I think the record will show that the reason Eve went home this week instead of Jesse is pretty clearly the observance of Rule E (“Be prepared to defend your dish at Judges’ Table”). In both of her appearances at Judges’ Table, Eve was incoherent. It’s not so much that she demonstrated poor judgment as that she just made no sense. She did not give the Judges a reason to keep her on (Tom: “I don’t think, in her mind, she knows what she’s trying to accomplish.”). In contrast, both times Jesse clearly conveyed that she understood the flaws of her dish and the mistakes she had made in its preparation. This can only get you so far (note Gail’s comment: “How long can Jesse keep making this mistake?”), but it can get you through a couple of close eliminations.

I’m not sure what the hell happened with Preeti. She seems like a mediocre talent. Her dish was not well composed or seasoned, by the Judges’ lights. She probably should have ditched the shiso leaves when they started wilting in the hot sun. She went back to the Stew Room and determinedly refused to learn from the Judges’ critique (“It’s a crowd pleaser!”). I don’t think she’s in this for the distance.

Predictions: Eve is my first successful elimination prediction since Arriane was eliminated from Top Chef: New York (and that includes an entire season of Top Chef Masters)! Huzzah, I am back on top!

The obvious choice this week is Jesse. She’s been up for elimination twice now; she does not seem to have her head in the game. But Top Chef never shakes down that way—a cheftestant can be up for elimination twice, then win in the next episode. My guess is one of the middle-of-the-packers will make a spectacular error in judgment. Maybe Ron?

Random thoughts:

  • Were those comically giant dice or is Padma a much tinier person than I had realized?
  • It’s not just me, right? Michael and Bryan seem to hate each other?
  • Jennifer shows an excellent grasp of Rule D: “The octopus is frozen, but it seems like a good product and, if it’s not, I will make something else up on the fly.”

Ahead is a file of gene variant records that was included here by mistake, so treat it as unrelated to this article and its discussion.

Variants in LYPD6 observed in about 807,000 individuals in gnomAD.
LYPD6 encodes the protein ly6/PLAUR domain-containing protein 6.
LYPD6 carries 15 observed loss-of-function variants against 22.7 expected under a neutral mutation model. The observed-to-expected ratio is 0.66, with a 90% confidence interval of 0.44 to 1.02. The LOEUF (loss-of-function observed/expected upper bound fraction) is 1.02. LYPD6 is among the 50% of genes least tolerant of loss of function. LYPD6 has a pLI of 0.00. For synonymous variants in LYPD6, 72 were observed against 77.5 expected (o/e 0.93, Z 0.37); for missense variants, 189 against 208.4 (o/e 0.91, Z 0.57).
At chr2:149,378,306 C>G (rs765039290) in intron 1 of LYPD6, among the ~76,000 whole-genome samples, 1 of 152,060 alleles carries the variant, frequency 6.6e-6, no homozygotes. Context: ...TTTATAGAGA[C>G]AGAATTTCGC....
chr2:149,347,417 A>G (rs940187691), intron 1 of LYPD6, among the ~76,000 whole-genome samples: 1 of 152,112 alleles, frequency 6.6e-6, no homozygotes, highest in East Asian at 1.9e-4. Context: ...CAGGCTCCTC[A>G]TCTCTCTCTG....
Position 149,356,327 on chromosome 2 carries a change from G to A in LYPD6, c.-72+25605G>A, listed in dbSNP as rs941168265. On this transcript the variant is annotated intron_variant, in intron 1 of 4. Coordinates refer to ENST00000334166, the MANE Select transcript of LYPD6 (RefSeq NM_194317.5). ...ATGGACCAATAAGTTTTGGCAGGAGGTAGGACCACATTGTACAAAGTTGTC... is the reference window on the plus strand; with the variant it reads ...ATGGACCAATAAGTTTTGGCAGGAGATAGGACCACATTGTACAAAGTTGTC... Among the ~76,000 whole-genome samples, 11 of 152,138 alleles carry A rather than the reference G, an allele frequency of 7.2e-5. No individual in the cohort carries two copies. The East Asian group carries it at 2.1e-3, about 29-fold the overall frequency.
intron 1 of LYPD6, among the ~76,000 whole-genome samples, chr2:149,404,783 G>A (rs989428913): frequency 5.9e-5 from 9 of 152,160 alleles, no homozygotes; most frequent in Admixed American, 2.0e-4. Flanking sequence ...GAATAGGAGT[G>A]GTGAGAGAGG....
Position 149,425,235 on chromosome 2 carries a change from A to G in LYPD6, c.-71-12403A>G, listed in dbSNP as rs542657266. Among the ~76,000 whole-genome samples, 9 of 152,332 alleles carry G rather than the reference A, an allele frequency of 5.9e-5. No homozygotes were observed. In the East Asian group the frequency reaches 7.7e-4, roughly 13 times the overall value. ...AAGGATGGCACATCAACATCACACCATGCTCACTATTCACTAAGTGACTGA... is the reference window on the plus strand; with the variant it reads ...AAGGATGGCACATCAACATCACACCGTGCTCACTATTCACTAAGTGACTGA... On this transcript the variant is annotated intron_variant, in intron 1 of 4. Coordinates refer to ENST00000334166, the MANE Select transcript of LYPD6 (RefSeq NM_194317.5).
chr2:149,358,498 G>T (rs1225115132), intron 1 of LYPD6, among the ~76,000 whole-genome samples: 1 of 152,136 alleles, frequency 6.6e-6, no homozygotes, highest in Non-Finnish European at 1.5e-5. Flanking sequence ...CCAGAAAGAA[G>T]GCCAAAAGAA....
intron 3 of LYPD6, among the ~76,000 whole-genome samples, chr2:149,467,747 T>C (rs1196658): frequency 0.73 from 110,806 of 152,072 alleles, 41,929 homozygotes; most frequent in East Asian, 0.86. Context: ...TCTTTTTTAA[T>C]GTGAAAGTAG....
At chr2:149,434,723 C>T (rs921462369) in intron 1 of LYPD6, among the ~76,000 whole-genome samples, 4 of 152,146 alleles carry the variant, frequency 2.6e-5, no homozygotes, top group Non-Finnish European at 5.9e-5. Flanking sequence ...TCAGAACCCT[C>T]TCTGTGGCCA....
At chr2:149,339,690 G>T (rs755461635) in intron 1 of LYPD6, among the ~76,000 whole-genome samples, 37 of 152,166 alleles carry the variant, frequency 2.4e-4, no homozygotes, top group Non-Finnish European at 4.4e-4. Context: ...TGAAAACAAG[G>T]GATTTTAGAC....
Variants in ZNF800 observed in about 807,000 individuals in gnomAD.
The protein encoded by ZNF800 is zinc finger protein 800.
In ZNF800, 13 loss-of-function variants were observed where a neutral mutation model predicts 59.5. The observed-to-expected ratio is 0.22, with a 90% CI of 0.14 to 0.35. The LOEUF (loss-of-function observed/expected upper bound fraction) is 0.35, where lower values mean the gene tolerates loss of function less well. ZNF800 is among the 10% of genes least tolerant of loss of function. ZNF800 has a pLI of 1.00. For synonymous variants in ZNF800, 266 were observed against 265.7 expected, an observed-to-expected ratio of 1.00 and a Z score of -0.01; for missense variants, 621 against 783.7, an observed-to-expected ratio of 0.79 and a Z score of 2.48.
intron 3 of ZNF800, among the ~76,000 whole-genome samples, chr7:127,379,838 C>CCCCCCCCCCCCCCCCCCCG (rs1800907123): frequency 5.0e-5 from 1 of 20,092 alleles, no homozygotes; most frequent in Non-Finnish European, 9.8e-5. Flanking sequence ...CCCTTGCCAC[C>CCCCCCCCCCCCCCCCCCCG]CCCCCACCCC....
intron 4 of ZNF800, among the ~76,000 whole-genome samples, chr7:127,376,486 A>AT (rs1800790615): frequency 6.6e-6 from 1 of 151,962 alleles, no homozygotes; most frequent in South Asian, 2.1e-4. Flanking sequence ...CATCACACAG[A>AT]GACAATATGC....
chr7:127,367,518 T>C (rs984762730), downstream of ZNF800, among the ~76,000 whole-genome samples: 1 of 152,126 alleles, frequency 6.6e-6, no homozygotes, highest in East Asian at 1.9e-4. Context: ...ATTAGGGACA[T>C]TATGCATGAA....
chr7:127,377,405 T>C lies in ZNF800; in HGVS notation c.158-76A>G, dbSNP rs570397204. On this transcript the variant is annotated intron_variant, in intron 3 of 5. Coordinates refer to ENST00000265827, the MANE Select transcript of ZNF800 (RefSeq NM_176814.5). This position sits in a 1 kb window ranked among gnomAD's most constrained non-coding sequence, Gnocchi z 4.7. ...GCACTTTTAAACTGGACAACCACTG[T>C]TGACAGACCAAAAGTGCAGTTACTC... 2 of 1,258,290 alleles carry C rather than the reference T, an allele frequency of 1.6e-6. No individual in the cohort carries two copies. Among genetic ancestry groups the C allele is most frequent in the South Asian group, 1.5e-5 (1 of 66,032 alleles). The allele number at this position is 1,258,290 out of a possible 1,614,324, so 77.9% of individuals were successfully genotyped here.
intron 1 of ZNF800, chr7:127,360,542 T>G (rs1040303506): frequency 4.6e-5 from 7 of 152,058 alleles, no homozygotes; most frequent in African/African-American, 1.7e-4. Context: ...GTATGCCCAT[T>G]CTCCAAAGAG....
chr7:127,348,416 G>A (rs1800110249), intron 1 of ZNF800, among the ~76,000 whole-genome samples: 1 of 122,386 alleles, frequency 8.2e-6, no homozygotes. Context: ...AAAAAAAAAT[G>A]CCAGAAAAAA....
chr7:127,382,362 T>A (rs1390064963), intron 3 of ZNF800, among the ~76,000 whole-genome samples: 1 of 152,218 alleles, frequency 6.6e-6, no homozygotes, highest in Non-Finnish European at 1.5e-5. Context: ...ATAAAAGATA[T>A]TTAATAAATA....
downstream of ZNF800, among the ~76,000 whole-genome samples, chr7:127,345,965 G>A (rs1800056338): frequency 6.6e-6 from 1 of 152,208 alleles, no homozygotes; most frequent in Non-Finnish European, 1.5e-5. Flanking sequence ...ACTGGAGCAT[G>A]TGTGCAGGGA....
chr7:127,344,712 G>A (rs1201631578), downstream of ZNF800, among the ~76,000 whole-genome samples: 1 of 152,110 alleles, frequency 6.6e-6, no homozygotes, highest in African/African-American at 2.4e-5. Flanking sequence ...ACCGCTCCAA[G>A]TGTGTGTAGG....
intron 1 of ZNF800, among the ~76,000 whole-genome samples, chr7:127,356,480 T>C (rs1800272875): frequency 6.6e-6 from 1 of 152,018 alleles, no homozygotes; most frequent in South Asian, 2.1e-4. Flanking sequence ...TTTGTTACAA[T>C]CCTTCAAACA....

• Mike: “People get tired of me. Real quickly.” I have no doubt that this is true, but, you know, I find this kind of charming. More self-deprecating prickliness and less “girls are icky” douchebaggery, Mike.
  • Hector ends up in the top four with a tofu dish. The exception that proves the rule?

August 26, 2009

BibTeX Journal Abbreviations

Filed under: LaTeX — Chris @ 3:17 pm

Ladies and gentlemen, a list of BibTeX’s built-in journal abbreviations, of which Google is largely ignorant:

acmcs: ACM Computing Surveys
acta: Acta Informatica
cacm: Communications of the ACM
ibmjrd: IBM Journal of Research and Development
ibmsj: IBM Systems Journal
ieeese: IEEE Transactions on Software Engineering
ieeetc: IEEE Transactions on Computers
ieeetcad: IEEE Transactions on Computer-Aided Design of Integrated Circuits
ipl: Information Processing Letters
jacm: Journal of the ACM
jcss: Journal of Computer and System Sciences
scp: Science of Computer Programming
sicomp: SIAM Journal on Computing
tocs: ACM Transactions on Computer Systems
tods: ACM Transactions on Database Systems
tog: ACM Transactions on Graphics
toms: ACM Transactions on Mathematical Software
toois: ACM Transactions on Office Information Systems
toplas: ACM Transactions on Programming Languages and Systems
tcs: Theoretical Computer Science

The availability of the above will depend on your chosen bibliographystyle. They are provided by all of the built-in styles (e.g., plain, abbrv, unsrt, etc.).